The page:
Clients often look for low bids when hiring a contractor. If one bids $100,000 and the other bids $75,000, they'll go with the contractor who costs $25,000 less.
This makes sense, of course, but it can lead to some problems, especially when clients and contractors aren't envisioning the same results, the same level of quality, and the same finished product. The client thinks that the quality is exactly the same with both bids, and he or she is happy to save money. The contractor thinks that the client isn't really "saving" money at all. He or she is just paying less for a lower-quality job.
Some have compared this to buying a new car. People understand that there is value in the quality of a car and they expect a certain quality when they buy. You don't pay $20,000 to buy a Chevy Sonic and expect the same quality you'd get with an $80,000 BMW. They're both cars, but there's a world of difference there.
With contractors, people often don't look at it the same way. This is why it's so important for contractors and clients to communicate. They must be on the same page regarding what the bid entails and the results that they want. It's the only way to get accurate bids and avoid a dispute when the client is displeased with the results.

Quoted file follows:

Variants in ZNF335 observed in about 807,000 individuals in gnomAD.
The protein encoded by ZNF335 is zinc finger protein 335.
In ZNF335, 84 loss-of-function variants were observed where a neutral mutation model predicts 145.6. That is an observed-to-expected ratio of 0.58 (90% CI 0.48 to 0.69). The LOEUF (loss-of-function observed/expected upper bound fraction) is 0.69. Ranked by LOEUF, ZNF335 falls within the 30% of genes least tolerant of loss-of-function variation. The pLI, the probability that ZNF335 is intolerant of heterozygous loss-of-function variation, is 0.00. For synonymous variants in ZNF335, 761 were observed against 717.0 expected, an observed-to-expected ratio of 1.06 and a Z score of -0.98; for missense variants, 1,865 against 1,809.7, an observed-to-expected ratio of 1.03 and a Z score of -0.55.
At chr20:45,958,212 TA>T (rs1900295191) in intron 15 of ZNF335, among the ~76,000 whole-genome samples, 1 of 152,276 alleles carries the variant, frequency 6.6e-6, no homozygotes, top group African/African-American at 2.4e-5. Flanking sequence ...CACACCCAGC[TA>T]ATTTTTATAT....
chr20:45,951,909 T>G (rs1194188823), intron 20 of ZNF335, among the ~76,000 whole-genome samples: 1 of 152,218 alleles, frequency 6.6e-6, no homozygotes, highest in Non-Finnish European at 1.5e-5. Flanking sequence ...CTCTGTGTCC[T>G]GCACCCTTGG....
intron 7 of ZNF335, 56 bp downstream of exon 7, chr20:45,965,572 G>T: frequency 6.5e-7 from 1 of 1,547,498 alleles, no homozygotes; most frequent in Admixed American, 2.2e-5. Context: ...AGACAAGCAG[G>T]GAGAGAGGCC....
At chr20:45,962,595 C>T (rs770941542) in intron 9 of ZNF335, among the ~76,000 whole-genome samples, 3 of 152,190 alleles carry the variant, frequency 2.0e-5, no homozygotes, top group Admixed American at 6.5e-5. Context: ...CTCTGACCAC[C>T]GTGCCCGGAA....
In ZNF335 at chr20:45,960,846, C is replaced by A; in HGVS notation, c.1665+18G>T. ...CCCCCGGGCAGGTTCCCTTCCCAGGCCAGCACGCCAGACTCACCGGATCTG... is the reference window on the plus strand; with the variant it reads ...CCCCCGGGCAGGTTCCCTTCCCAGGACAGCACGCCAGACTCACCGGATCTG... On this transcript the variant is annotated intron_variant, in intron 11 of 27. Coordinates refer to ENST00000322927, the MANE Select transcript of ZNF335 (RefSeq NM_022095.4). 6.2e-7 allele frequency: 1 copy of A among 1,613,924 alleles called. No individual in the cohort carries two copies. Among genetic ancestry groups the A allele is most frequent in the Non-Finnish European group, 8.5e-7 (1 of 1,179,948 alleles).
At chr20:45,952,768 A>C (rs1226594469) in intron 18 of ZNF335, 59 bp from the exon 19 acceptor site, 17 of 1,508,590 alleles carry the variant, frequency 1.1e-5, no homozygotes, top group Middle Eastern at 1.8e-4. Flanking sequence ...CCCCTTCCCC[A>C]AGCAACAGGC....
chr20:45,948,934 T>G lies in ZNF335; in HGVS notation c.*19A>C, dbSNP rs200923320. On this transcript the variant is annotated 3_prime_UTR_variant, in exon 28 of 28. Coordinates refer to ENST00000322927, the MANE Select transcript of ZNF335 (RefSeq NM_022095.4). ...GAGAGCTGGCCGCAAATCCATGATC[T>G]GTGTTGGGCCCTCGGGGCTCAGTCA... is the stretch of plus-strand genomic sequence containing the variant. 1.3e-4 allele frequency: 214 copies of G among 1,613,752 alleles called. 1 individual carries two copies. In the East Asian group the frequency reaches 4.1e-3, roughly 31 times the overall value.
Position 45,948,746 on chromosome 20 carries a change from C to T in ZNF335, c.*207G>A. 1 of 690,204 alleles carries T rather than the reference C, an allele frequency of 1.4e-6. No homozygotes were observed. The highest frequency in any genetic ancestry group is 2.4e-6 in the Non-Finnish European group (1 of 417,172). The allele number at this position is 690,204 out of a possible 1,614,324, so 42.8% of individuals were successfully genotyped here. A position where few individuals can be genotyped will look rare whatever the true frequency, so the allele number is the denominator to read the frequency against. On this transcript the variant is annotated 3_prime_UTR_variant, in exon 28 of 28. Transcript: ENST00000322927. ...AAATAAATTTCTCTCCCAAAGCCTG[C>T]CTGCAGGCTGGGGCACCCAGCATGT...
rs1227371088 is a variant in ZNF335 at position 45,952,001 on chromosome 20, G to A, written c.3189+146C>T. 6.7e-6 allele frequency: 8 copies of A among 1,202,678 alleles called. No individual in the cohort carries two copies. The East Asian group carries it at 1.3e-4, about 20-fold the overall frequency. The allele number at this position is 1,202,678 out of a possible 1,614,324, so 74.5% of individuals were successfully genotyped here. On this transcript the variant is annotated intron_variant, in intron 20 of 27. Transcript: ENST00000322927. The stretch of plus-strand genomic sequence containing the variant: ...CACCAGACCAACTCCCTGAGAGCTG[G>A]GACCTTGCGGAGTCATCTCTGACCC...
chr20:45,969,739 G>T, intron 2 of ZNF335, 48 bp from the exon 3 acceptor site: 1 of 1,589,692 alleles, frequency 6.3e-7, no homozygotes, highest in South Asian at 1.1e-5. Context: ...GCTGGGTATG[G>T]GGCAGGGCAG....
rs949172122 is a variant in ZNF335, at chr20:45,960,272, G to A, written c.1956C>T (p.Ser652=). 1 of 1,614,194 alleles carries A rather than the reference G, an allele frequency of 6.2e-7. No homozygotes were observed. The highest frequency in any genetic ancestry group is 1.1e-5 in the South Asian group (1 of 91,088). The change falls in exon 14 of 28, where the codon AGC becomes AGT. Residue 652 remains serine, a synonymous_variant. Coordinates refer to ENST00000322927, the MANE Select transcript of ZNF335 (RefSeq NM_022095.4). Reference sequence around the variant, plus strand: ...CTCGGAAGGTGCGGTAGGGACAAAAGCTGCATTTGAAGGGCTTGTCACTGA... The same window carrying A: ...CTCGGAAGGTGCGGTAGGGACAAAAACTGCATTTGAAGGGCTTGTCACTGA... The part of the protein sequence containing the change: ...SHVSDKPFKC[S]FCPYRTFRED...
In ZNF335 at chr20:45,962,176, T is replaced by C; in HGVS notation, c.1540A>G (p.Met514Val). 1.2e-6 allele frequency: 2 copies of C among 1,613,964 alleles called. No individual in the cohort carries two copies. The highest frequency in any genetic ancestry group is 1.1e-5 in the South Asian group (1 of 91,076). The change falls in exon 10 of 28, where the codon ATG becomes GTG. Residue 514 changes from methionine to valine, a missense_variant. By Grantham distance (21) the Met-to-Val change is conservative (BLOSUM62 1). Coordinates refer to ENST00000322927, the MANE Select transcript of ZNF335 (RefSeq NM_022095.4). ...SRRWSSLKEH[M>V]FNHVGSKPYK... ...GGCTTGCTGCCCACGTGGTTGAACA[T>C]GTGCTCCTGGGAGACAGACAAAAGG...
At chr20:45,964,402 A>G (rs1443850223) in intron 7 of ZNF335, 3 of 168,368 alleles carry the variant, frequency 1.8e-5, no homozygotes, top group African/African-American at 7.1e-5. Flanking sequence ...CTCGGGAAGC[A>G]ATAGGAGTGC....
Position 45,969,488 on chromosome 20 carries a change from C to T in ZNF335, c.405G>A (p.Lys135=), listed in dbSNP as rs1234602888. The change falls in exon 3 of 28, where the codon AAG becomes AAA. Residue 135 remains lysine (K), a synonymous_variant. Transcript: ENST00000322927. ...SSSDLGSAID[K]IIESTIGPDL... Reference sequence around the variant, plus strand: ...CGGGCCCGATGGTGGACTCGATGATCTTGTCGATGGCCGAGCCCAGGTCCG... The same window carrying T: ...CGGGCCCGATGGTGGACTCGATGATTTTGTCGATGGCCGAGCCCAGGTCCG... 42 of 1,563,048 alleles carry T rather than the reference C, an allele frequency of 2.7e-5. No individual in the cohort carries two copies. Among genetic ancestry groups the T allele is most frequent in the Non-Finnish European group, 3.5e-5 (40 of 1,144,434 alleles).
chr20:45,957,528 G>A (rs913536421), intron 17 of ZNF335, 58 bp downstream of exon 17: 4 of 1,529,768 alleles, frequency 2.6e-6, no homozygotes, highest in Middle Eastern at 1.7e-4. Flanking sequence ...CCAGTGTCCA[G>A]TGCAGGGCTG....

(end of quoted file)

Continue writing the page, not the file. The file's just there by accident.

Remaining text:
Disputes may still arise, as this is an ongoing problem, even when both sides try to communicate as thoroughly as possible. Those who find themselves in a dispute when the job is already done must know their legal options.
Source: Washingtonian, "12 Things Your Contractor Isn’t Telling You," Sherri Dalphonse, accessed April 27, 2017